Podcast 106: Real Life Resolutions

What do you want to bring into the new year with you? Our first piece of advice is to be specific with your intention – envision how this change will happen in your own real day-to-day life, in detail. This helps you make sure it really happens!

Intention is key also in transforming our relationship to Stuff. Many people feel like their Stuff owns them instead of the other way around, and being intentional about how and what you consume can go a long way toward changing that. Fostering (or giving the gift of) experiences and skills is one key way to change that dynamic.

You need to pick your battles, though! It’s easy to get overwhelmed by the long list of troubles in the world, and to feel like you need to change them all yourself. Selecting one or two things to focus on is more effective, but also feels better inside. Plus, it’s a way you can find or create community, which is so critical to sustaining these things long-term.

Finally, we conclude with a discussion of a few herbs which help strengthen resolve.

Herbs discussed include: hawthorn, tulsi, goldenrod, jiaogulan, cedar, hemlock, & pine.

Mentioned in this episode:

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Our theme music is “Wings” by Nicolai Heidlas.


Episode Transcript

Katja (00:00:01):
Hi, I’m Katja.

Ryn (00:00:15):
And I’m Ryn.

Katja (00:00:15):
We’re here at the Commonwealth Center for Holistic Herbalism in Boston, Massachusetts.

Ryn (00:00:19):
and on the internet everywhere thanks to power of the podcast. For a bunch of years now. Two years.

Katja (00:00:25):
Two years. A little more than two.

Ryn (00:00:27):
Two isn’t quite a bunch, but it’s getting there. Yeah. In another year.

Katja (00:00:31):
Well that’s a good start.

Ryn (00:00:33):
Yeah, we’re doing pretty good. It is the end of the year and that’s resolution season. Time to lose 15 pounds and go to the gym. Oh, time to eat healthier. Well, I mean, good resolution.

Katja (00:00:49):
If you resolve to listen to more of the holistic herbalism podcast, I suppose that’s a good resolution.

Ryn (00:00:53):
That is a pretty good one. Yeah. But you know these resolutions of I’m going to look good in my bikini.

Katja (00:01:00):
You already look good in a bikini.

Ryn (00:01:04):
I know.

Katja (00:01:06):
No, I mean, all of you, everybody already looks good in a bikini. You’re fine. Yes, yes. Alright. Like for me the whole resolution thing is loaded, right? Like, we’re supposed to have concrete goals and say that, well, I’m going to lose 15 pounds. Then it’s a concrete goal that’s tangible and we can see if we’re making progress. I guess that makes…

Ryn (00:01:31):
Numbers are the ultimate truth of reality.

Katja (00:01:32):
Yes. That’s the way that we gauge progress. I mean that sort of a thing makes sense if you have a large task and you need to break it down, but I don’t think that sort of thing makes as much sense for like personal growth.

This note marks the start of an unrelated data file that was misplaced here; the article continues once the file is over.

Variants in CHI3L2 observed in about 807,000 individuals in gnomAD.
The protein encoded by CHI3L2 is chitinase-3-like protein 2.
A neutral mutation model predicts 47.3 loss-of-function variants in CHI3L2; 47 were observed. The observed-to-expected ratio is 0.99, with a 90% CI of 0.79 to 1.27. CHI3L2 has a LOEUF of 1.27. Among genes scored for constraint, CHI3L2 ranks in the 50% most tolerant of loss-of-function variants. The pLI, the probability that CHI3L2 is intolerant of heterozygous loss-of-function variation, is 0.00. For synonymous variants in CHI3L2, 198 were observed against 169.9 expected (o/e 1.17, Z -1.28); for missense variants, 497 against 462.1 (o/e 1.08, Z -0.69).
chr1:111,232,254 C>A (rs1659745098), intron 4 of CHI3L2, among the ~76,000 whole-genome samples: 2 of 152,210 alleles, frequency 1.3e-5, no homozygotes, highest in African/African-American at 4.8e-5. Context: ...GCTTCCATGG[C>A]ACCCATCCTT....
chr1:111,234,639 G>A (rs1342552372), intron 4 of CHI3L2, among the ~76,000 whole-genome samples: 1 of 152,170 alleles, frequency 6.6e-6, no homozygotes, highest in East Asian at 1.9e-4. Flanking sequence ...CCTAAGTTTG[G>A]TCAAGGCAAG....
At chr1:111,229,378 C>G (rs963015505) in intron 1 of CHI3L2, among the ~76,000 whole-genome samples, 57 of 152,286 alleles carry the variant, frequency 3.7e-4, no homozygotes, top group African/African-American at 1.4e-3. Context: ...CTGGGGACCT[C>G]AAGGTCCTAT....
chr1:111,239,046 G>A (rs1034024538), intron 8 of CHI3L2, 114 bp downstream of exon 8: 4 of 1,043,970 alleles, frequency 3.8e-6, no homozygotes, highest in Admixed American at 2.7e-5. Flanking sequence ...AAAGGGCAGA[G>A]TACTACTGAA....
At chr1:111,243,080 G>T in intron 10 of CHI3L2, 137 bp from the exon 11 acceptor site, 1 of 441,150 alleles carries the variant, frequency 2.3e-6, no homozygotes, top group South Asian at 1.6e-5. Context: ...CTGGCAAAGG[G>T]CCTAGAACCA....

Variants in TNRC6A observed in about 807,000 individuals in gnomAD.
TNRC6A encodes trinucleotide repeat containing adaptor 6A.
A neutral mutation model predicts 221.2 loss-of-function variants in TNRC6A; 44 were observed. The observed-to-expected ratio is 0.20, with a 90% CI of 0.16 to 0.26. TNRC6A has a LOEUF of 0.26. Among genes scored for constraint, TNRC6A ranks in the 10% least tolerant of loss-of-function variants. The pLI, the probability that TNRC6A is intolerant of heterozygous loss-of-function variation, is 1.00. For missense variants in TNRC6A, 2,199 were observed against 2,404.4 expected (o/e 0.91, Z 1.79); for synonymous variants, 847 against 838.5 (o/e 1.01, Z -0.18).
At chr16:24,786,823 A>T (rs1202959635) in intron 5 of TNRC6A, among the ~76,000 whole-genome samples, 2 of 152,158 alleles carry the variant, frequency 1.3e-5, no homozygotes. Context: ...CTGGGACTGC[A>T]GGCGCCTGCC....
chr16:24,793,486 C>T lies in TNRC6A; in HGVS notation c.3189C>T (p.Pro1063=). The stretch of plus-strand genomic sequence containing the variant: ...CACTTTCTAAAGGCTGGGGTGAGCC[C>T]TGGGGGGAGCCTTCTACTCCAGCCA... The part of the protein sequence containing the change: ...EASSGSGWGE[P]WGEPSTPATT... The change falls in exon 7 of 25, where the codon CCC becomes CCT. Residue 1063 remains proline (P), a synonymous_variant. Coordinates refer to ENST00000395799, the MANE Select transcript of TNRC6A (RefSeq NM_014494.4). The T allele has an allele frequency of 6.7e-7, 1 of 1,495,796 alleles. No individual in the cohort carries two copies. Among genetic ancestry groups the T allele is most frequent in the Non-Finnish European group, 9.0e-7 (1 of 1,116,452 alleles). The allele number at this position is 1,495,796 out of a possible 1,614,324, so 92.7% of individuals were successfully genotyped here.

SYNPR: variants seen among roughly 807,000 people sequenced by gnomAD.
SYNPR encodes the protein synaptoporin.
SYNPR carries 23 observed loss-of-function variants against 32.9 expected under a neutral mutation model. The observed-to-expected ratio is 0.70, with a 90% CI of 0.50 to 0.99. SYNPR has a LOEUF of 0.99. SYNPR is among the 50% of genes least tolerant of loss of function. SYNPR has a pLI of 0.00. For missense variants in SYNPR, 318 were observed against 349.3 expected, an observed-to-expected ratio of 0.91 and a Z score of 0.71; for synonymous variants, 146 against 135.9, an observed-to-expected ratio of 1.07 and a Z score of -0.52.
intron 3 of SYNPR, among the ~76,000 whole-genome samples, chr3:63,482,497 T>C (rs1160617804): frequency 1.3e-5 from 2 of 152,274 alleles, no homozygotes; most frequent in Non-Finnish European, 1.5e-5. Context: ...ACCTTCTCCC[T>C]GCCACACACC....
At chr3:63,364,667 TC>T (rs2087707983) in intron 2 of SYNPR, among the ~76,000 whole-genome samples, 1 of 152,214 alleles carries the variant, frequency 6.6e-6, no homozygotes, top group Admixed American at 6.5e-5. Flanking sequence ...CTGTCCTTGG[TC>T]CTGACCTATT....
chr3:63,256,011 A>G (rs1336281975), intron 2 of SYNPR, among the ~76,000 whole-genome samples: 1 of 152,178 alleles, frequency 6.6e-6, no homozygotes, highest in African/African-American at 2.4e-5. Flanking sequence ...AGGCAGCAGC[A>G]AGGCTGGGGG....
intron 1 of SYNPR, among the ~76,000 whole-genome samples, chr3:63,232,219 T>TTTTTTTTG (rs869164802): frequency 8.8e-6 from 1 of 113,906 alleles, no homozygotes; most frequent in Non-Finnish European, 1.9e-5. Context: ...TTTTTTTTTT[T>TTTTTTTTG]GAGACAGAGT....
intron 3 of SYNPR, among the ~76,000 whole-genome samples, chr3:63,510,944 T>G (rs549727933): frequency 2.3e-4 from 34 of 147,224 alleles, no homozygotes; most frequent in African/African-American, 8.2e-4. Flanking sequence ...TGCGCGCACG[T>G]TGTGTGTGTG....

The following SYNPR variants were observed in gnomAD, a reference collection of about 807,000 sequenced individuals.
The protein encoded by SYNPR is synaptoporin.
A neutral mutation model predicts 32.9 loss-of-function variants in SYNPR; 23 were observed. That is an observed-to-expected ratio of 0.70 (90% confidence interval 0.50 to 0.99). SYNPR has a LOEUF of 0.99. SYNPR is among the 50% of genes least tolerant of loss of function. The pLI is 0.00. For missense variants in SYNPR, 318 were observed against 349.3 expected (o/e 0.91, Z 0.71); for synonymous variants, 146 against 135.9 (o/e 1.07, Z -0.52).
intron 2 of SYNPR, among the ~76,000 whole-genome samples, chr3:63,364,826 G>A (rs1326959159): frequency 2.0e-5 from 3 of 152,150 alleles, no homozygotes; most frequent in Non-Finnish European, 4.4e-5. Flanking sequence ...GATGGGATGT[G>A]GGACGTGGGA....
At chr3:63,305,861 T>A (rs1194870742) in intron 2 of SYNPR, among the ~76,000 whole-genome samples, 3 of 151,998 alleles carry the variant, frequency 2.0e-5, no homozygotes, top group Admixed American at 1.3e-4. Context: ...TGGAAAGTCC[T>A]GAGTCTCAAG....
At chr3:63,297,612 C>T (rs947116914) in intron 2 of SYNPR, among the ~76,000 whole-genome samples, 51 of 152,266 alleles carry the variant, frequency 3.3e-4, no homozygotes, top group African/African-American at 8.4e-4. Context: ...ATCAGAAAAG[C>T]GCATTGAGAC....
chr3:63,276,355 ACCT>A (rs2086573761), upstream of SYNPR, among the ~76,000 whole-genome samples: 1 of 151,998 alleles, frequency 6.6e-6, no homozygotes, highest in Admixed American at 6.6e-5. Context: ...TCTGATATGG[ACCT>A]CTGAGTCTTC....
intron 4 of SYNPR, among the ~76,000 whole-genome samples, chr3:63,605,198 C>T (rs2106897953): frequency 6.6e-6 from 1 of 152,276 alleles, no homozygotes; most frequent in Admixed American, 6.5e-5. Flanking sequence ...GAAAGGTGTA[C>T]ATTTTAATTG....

Ryn (00:01:45):
It’s a good distinction, you know, like in your, the business mentorship course where you’re helping people to go from, I might like to be an herbalist into, I’m actually an herbalist.

Katja (00:01:56):
Yeah. I have a business and it’s real and it’s tangible, right? .

Ryn (00:02:00):
Right. With that, so much of the work you do is actually getting people from, this is my idea, to all right, now let’s have that idea, but with a million specifics and then let’s say, how are we actually going to get there and what are all the steps that are going to be required? And I love the part where you get them to write down how long each step takes because then they are shocked and horrified.

Katja (00:02:20):
Yeah. We can be a lot more reasonable about how much we think we can get done in a year. . But yeah, it’s not…

Aligning with Your Ideals

Ryn (00:02:27):
That’s a different kind of a project then I would like to embody my principles. I would like to live more aligned with my ideals. I’d like to be the change that I hope to see in the world. It’s a different kind of a project.

Katja (00:02:45):
Yeah. Incidentally, none of those things are, I would like to look pretty in a bathing suit.

Ryn (00:02:49):
They are different.

Katja (00:02:50):
They are different. It’s true. They are different. I think if we could all just accept that every single one of us already looks pretty in a bathing suit or no bathing suit or jeans and a tee shirt, you already just look pretty whatever you’re wearing or a five piece suit. . Do they have that many people or blanket, whatever. Thinking more about exactly like you said, aligning with our beliefs. I think when we think about I want to be thinner or I want to eat better, that we are imagining that as aligning with our beliefs. I like to think about this from the belief forward instead of from the like end result that may or may not actually embody that belief. I like to think about what do I want to bring into the new year with me? What do I want to be intentionally building in my life and in my community? When I think about things I want to build in my life that is not necessarily self-judgment about what my body looks like, even if what I want to build in my life is strength or a habit of movement, right? Then what I am focusing on is my intention for building a specific thing. Not well, how come I weighed 20 pounds more than I think I should or then society tells me I should or why do I have to buy extra large, whatever.